visual spectrum: Kodak Signet 50
The Kodak Signet 50 wasn’t my first camera, but it was the first camera I used as a self-conscious photographer. My very first camera, like that of so many people of my generation, was a Kodak Pocket Instamatic that fired cheap 110 cartridges. My second camera was a sort of compact SLR that my mother let me borrow, much to her chagrin when I dropped it in the sand and gritted up the winding mechanism. The Kodak Signet 50, my third camera, was a thrift store find. The brown leather case that the camera came with was in perfect condition, and the camera itself was as new. The Signet 50 is a viewfinder camera, rather than a true rangefinder (there’s no focusing mechanism), so basically you need to estimate the distance by eye, and then fix the settings based on guesswork. This was good practice for the LC-A that I was going to end up owning, many years later. I probably shot a couple of dozen rolls of film with the Signet — almost entirely in black and white — but I only have a few of the negatives lying around. I’m not sure what happened to the others. Probably lost in one of the eight or nine moves that I’ve made since the early 1990s when I last used this camera.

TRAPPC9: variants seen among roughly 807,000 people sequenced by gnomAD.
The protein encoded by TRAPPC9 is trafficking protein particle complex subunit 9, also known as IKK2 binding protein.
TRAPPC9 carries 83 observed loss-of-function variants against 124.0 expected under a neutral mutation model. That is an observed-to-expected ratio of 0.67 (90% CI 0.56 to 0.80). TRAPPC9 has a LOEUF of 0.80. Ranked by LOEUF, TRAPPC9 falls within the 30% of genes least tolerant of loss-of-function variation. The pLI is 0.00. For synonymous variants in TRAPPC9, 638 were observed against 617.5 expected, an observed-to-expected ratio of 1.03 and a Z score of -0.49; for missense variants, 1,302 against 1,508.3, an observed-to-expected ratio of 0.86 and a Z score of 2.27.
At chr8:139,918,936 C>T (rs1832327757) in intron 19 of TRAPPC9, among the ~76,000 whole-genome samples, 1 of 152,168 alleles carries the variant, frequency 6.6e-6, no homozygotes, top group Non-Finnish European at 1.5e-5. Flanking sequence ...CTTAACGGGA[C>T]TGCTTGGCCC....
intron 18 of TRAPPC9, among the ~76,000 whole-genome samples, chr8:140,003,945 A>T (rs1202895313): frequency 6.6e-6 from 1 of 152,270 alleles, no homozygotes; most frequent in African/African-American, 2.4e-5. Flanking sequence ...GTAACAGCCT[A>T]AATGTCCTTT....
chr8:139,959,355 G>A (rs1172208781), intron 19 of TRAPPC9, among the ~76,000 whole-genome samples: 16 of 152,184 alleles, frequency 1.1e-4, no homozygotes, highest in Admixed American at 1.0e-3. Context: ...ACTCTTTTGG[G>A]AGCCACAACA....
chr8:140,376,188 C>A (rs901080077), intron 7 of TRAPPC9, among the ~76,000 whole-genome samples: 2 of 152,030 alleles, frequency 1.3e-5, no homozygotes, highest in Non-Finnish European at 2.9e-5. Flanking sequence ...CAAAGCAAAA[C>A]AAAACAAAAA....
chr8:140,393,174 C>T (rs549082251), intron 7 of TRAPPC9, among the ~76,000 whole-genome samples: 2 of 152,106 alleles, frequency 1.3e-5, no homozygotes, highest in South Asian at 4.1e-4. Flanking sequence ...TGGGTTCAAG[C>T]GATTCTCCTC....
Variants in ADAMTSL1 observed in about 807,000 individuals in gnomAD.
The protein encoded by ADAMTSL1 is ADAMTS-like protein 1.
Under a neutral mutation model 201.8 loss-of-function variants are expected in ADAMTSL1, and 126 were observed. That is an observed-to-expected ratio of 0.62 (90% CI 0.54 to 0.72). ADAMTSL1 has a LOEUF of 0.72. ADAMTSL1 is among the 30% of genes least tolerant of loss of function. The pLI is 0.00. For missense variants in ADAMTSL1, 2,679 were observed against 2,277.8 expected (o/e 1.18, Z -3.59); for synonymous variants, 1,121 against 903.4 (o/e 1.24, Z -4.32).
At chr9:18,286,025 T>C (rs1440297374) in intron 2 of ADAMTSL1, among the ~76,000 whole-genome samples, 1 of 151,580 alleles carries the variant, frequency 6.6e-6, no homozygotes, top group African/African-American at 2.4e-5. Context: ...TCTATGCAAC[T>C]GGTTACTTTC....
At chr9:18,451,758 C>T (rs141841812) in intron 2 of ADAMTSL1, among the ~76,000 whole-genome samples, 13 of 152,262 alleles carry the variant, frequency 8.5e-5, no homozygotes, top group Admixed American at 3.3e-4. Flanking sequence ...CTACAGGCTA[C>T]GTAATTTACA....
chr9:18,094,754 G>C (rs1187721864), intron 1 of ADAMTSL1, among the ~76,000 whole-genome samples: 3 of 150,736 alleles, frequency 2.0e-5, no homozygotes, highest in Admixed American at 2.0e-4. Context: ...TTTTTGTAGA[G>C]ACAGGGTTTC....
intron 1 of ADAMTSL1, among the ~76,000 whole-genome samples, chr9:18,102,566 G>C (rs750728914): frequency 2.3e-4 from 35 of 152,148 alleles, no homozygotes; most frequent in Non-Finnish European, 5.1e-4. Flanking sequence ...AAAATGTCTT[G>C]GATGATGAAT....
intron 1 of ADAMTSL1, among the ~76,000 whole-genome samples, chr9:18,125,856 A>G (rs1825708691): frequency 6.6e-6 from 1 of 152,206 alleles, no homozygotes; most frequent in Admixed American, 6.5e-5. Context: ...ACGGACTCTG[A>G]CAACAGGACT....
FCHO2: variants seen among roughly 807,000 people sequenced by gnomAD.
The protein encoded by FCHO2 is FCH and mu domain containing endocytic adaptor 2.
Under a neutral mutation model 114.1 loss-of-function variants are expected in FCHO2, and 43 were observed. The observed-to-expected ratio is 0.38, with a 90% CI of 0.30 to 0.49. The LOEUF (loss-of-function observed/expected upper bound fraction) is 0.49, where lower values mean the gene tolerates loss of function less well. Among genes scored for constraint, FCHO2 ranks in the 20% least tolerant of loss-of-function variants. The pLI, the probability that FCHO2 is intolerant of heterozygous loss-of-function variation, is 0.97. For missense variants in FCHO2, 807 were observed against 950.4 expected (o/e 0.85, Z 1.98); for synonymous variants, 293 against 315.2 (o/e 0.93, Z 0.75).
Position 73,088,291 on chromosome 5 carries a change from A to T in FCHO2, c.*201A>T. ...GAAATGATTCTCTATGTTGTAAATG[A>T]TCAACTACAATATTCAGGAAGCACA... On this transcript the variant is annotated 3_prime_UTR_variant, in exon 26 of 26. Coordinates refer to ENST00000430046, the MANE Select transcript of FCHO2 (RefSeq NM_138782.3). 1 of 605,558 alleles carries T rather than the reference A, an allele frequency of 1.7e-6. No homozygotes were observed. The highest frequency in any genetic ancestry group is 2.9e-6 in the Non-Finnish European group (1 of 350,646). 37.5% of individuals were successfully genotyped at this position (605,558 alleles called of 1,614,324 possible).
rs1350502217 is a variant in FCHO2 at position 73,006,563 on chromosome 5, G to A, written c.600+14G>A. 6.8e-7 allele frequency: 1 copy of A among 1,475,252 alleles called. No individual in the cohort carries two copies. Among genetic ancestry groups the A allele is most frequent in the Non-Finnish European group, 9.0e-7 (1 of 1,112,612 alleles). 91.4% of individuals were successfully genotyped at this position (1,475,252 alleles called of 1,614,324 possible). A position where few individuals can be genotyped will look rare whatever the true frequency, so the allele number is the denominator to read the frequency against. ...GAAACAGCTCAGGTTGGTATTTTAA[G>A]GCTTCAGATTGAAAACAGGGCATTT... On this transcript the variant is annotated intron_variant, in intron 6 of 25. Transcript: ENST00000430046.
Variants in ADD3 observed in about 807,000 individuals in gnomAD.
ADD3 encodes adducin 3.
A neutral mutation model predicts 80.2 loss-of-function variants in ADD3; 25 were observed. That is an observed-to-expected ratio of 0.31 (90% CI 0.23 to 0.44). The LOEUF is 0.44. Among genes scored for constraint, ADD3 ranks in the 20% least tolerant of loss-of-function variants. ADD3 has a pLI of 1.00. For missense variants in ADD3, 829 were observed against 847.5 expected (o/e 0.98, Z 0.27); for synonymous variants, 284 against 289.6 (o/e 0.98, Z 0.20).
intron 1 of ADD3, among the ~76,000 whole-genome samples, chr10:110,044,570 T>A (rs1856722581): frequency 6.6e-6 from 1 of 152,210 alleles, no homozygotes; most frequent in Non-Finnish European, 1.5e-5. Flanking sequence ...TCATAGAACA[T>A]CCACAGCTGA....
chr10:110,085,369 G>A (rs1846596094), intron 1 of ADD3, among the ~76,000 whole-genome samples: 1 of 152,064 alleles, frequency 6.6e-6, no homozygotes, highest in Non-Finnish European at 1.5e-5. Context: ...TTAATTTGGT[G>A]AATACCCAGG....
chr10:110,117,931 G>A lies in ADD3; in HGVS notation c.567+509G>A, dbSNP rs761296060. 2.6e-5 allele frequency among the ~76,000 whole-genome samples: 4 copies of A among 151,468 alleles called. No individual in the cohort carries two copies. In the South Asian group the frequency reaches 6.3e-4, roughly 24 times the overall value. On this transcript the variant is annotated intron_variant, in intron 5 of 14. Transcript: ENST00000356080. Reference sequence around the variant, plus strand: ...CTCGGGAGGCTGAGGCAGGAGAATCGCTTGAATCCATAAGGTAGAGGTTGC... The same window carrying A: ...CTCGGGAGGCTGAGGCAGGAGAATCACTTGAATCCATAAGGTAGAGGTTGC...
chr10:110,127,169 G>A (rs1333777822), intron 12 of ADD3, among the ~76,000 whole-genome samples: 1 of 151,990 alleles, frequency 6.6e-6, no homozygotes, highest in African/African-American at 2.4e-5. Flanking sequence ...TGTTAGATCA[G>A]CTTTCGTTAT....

Now that I think about it, I’m not really sure what happened to the camera either.
Filed under: photography, sweet story of Trout Monroe | 2 Comments
Tags: black and white film, Kodak Signet 50, my first camera, viewfinder camera, vintage cameras